The one thing that threw me was the ‘Layout’ menu didn’t include options for posts or pages. Instead, you can choose between ‘Archives’, which are pages that display multiples of a specific type of content (such as blog posts in a specific category), and ‘Singular’, which are pages that display a singular piece of content (such as a specific blog post).
On the next page, you’ll see an area where you can launch Beaver Builder and a box called ‘Themer Layout Settings’. The most important layout setting is ‘Location’, which dictates what types of pages the layout you’re making will appear on. This is where you can select options such as ‘Post Category’.
After you’ve chosen the type of content the layout will appear on, click ‘Launch Beaver Builder’. This will open a modified version of the Beaver Builder editor. You’ll notice a ‘Preview As’ option in the top bar that lets you change what page you’re currently viewing; by default, this opens the most recently created page of the type you’re creating a layout for. So, if you’re creating a layout for blog posts, it will display the last blog post you created. You can change the page being displayed at any time using the ‘Preview As’ dropdown menu.
From here, you can use the regular modules and drag-and-drop functions to edit the page. The big difference is that when you save those changes, they’ll be applied to every page in the category/type you selected, rather than just the page you’re editing.
All in all, the Beaver Builder is a great tool for customizing your theme to better represent your unique brand. The options are simple, and you can use it to edit every main WordPress page type, product pages created with WooCommerce, and headers and footers across all pages. My only complaint is you have to purchase this as a separate add-on, and, at $147, it actually costs more than the main plugin.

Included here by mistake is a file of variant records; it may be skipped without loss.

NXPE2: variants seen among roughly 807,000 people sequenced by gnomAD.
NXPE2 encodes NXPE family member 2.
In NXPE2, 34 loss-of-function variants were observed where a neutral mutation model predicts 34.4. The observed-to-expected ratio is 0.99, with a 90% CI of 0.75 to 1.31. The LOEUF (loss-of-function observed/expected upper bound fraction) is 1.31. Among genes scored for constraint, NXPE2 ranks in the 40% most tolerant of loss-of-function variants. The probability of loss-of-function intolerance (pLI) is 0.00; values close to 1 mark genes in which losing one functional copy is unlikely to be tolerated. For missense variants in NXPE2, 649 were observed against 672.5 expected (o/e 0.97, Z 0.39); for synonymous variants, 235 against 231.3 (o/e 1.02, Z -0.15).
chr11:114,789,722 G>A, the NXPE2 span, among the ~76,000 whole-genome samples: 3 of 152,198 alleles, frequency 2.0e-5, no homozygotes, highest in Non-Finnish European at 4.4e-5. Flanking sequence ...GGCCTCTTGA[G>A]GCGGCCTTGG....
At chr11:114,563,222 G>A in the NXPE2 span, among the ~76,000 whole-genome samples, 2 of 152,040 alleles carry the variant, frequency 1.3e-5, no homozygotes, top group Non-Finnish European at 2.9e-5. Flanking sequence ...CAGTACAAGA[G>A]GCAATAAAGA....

Elementor Theme Builder
The Elementor Theme Builder is a core component of the premium Elementor plugin that makes it easy for you to apply global changes to various page types, headers, footers and other elements of your site design. This is built into the plugin itself, so all you need to do to start using it is open your WordPress dashboard and go to ‘Templates > Theme Builder’. This will open a page displaying all of the types of content you can edit with the Theme Builder.
When you choose to edit a page type, you’ll be given an option to choose a template, then directed to the Elementor editor. This will open a new page or post that you can edit in much the same way you’d edit regular content. The key difference is any changes you make will be applied to all pages of that type when you publish it.
All in all, I had a great time working with the Elementor Theme Builder. The visual interface makes it easy to select the right type of content, the library is well organized to help you to find various components of the theme you’re building, and the editor itself is the same as the regular Elementor editor, so you don’t need to learn anything new.
Theme Builders: The Winner
In terms of functionality, the Beaver Builder Themer and the Elementor Theme Builder are on fairly equal ground. They both let you edit several key aspects of your site including headers, footers and archive pages, all without a line of code.
Where they aren’t equal is cost. The Beaver Builder Themer is a $147 add-on. The license is permanent, which is nice, but it more than doubles the cost of your first year using Beaver Builder. The Elementor Theme Builder, on the other hand, is bundled into the premium plugin and can be accessed at the base price of $49 a year. Essentially, if you’re using the page builder, you won’t pay anything extra for the theme builder. And, with very similar features, the cost is enough to make the Elementor Theme Builder the winner here.
Integrations and Add-Ons
Beaver Builder Integrations and Add-Ons
Beaver Builder offers integrations with a wide variety of WordPress plugins and other tools, such as BigCommerce. I was a bit frustrated here because there’s no complete list on the Beaver Builder site, but I was able to learn about integrations with some popular tools: